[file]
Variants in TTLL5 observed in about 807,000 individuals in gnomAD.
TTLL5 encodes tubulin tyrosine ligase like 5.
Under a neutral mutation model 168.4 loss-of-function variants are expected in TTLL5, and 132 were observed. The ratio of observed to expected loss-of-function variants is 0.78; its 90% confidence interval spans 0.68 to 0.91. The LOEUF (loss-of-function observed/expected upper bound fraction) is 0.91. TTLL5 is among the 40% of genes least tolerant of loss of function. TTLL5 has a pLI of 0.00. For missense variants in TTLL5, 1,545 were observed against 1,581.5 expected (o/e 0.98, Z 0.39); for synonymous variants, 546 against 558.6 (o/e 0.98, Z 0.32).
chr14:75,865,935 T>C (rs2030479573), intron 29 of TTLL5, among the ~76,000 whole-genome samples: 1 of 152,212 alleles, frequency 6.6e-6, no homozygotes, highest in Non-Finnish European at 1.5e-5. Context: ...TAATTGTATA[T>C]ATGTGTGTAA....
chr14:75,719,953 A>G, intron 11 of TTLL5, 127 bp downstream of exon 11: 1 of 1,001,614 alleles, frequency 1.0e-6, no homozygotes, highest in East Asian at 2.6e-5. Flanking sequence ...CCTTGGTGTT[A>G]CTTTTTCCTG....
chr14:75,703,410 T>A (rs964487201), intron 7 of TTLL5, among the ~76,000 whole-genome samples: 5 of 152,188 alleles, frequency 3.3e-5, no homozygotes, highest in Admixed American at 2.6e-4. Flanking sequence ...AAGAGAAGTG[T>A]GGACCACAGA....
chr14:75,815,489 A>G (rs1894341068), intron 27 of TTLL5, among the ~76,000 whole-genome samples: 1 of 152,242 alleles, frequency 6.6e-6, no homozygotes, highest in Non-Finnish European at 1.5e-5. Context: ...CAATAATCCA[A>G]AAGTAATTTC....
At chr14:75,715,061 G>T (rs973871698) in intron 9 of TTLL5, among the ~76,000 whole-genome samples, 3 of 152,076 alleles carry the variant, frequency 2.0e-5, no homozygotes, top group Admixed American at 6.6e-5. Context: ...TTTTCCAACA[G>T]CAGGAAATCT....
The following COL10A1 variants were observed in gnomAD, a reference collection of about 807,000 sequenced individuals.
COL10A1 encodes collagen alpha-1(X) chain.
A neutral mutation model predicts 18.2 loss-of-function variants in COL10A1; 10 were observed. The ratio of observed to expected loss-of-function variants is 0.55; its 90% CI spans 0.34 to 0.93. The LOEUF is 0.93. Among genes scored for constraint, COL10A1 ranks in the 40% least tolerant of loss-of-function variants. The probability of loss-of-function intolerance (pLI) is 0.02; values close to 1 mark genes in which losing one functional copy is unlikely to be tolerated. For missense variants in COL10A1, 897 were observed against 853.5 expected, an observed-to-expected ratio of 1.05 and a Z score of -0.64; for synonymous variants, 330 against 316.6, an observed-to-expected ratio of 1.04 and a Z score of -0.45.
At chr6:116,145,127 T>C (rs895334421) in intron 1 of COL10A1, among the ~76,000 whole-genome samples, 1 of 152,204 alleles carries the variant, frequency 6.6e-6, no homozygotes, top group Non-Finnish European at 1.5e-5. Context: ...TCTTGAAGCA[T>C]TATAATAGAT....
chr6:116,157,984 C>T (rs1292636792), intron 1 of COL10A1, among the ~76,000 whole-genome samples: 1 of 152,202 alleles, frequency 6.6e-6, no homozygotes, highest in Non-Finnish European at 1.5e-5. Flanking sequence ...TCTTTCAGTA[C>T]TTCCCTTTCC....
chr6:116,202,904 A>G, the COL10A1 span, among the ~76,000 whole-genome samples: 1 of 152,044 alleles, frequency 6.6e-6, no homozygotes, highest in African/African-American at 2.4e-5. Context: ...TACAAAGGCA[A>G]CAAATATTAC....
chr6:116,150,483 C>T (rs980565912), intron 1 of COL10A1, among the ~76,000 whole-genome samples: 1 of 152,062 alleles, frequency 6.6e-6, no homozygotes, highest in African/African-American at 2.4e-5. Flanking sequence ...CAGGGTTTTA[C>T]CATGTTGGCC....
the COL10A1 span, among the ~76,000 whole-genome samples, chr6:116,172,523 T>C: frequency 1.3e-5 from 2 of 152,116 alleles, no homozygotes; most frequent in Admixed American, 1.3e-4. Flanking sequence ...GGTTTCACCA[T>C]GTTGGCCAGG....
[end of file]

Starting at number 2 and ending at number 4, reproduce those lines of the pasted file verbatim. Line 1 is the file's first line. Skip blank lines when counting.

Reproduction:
TTLL5 encodes tubulin tyrosine ligase like 5.
Under a neutral mutation model 168.4 loss-of-function variants are expected in TTLL5, and 132 were observed. The ratio of observed to expected loss-of-function variants is 0.78; its 90% confidence interval spans 0.68 to 0.91. The LOEUF (loss-of-function observed/expected upper bound fraction) is 0.91. TTLL5 is among the 40% of genes least tolerant of loss of function. TTLL5 has a pLI of 0.00. For missense variants in TTLL5, 1,545 were observed against 1,581.5 expected (o/e 0.98, Z 0.39); for synonymous variants, 546 against 558.6 (o/e 0.98, Z 0.32).
chr14:75,865,935 T>C (rs2030479573), intron 29 of TTLL5, among the ~76,000 whole-genome samples: 1 of 152,212 alleles, frequency 6.6e-6, no homozygotes, highest in Non-Finnish European at 1.5e-5. Context: ...TAATTGTATA[T>C]ATGTGTGTAA....